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By Jeff Jacobson (anonymous) | Posted June 10, 2006 at 12:53:23

The problem is not sprawl. People need space to remain healthy! This said, I also beleive that we are running out of land. So what is the answer? Well Population control. Don't mistake me for a supporter of Chinese policy, I have a real solution. First off, we need to reinstitute the traditional family, where the children grow up and live on the family land. This would slow the loss of land, and have the added effect of stabalizing local communities. Next, we need to Take a real look at immigration, and only allow people who we need for some skill that our population does not possess! We can grow our own landscapers if we pay a decent wage, and remove the social stigma's associated with these types of jobs. Low skill jobs don't have to mean that a person is too stupid , ignorant, or poor to do a "real job"maybe they simply like horticulture and the out doors. next, we need to get away from the idea that eonomic growth is the only way to have a healthy economy. If we are at a zero population growth, we should be able to maintain a stable number of jobs. Stocks would no longer be a volital market where fortunes are created and lost, but dividends would be stable and could provide a good stable investment income over the years, and could even replace some aspects of our retirement system. Don't forget , that stocks can be willed to the next generation, who would have the same stable benefits when their time comes. This is a radical approach, but think of the possiblities. What is needed is a sweeping change in how every aspect of our system works. Protect the freedoms of citizens, but why do we have to let anyone else in. Let them bring goods to the border, (if they accept our wage and labor standards in their country, and if their is complete trade resiprosity, )and Americans can distribute them as we desire.We don't need their man power, or their permission, and the foreign interests earn a profit only on the whole sale price of goods, with Americam interests retaining all retail profits here at home .Keep the finance market here as well, and see how healthy our economy looks, how how muck land use we save!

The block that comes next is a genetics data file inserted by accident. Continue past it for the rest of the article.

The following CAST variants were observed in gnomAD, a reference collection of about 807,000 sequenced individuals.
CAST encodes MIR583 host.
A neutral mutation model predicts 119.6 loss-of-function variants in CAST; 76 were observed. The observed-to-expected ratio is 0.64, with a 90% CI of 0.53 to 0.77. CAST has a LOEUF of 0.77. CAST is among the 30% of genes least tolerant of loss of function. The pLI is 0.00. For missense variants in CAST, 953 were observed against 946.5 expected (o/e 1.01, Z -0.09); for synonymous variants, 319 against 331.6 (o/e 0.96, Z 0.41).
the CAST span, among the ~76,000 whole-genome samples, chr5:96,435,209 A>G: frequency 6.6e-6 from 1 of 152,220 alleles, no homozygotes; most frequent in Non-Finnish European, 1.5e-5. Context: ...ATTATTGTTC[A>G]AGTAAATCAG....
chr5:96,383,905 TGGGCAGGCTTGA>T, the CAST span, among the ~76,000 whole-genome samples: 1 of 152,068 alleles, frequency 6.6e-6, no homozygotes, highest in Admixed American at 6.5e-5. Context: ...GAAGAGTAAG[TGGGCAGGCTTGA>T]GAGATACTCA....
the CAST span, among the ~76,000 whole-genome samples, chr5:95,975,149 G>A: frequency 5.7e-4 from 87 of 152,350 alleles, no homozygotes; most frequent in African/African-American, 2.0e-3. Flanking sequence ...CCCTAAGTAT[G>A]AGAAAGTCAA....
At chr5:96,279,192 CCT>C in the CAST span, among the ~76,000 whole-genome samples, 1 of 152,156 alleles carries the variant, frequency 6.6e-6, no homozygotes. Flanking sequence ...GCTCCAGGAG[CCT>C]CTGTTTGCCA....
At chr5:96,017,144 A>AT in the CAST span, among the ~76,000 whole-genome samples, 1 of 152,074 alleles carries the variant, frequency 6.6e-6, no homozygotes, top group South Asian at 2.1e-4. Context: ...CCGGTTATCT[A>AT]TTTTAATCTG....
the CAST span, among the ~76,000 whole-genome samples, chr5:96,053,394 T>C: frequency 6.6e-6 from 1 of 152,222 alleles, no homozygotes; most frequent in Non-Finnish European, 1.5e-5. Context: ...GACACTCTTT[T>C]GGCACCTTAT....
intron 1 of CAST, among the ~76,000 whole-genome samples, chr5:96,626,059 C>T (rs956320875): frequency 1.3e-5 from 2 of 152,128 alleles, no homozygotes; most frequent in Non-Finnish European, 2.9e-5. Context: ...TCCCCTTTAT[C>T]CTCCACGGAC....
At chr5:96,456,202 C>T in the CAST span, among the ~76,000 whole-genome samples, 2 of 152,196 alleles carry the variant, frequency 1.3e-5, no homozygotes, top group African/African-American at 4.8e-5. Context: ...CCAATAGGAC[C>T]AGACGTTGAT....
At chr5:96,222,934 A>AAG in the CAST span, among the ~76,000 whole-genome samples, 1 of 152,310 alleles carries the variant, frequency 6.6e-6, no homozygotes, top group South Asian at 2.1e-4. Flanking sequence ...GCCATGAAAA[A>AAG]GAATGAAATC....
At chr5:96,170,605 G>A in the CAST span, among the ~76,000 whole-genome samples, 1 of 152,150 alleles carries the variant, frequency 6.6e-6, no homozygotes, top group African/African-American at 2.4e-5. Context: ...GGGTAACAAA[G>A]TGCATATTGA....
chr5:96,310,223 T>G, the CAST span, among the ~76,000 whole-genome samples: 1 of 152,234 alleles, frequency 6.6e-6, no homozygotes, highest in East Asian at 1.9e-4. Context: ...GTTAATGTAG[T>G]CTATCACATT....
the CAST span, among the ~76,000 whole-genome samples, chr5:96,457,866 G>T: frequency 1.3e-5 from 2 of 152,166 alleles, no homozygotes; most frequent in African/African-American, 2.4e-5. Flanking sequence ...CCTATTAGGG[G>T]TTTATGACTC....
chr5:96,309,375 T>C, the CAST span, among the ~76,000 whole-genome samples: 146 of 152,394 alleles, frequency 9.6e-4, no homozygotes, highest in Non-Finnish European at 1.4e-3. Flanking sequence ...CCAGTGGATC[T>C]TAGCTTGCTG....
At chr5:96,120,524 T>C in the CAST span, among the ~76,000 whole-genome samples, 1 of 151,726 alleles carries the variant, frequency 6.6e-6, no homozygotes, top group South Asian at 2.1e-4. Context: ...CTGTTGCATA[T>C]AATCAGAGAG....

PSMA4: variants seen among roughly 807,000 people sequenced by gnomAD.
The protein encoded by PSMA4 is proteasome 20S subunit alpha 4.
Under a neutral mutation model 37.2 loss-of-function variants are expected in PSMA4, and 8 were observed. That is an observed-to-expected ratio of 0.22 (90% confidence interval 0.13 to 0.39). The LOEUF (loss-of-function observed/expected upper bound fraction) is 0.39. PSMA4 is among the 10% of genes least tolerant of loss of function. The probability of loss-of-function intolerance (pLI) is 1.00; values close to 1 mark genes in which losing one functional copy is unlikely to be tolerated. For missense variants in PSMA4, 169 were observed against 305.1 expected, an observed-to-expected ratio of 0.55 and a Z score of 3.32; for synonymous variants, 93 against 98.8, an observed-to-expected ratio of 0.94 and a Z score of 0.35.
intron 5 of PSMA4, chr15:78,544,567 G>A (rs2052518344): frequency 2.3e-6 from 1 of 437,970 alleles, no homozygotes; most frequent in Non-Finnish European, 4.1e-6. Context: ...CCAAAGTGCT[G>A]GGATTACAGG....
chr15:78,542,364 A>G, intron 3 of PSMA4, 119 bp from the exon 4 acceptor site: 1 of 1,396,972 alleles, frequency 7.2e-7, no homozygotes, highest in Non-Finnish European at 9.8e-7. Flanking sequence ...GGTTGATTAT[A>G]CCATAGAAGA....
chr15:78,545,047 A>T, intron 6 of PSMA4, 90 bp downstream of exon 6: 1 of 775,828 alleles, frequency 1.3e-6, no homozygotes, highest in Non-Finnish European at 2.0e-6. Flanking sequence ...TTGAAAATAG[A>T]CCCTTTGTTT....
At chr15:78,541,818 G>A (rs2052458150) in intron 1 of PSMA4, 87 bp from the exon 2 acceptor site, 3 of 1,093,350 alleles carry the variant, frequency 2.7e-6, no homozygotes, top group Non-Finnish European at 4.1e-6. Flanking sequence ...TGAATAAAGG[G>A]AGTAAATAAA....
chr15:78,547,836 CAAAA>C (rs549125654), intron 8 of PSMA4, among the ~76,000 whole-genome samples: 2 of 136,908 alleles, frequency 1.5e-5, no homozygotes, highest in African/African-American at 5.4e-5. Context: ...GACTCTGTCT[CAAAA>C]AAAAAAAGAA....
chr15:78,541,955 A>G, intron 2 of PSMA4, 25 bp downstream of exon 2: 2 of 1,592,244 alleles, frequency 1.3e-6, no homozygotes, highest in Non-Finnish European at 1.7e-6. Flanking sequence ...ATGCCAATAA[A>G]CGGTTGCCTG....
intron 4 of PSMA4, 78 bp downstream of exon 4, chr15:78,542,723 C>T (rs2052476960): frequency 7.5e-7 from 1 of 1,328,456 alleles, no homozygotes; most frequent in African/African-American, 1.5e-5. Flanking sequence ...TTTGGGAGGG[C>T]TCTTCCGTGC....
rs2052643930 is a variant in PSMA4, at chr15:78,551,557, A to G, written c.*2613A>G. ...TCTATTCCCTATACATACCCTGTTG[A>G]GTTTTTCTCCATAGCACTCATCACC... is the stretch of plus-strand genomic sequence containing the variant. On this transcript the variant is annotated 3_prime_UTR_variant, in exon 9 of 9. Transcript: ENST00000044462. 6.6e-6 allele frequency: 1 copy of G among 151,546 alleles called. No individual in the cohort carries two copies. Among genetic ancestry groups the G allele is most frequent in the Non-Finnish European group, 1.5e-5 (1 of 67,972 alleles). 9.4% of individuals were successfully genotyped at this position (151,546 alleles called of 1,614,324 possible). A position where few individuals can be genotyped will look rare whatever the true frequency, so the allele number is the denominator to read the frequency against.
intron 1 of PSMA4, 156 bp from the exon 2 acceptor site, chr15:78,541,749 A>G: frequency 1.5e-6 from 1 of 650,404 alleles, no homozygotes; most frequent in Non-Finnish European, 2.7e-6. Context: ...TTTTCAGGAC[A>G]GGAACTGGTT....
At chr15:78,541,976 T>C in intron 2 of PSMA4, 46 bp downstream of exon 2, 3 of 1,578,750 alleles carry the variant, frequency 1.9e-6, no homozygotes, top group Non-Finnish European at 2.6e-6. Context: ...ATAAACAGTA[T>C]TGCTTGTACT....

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By Kate (anonymous) | Posted December 20, 2007 at 11:01:56

I think the point about land choice being only for the wealthy is a good one, and to continue on a similar thread, one thing I think is that people are not content with what they have. I grew up on a farm, in a small town, and I remember there were (and still are) some houses in the area that were only occupied in the summer, then their (fairly wealthy) residents would go back to their "winter house". This needs to stop. You don't need more than one house, and people need to stop and think "do I really need to build this house in *insert place here* when I already have a house in *insert place here*? If you really wish to live elsewhere during the more brutal seasons (winter in Northern Canada for example) rent. If we all worked together, it wouldn't be that expensive. We need to stop building more than we need.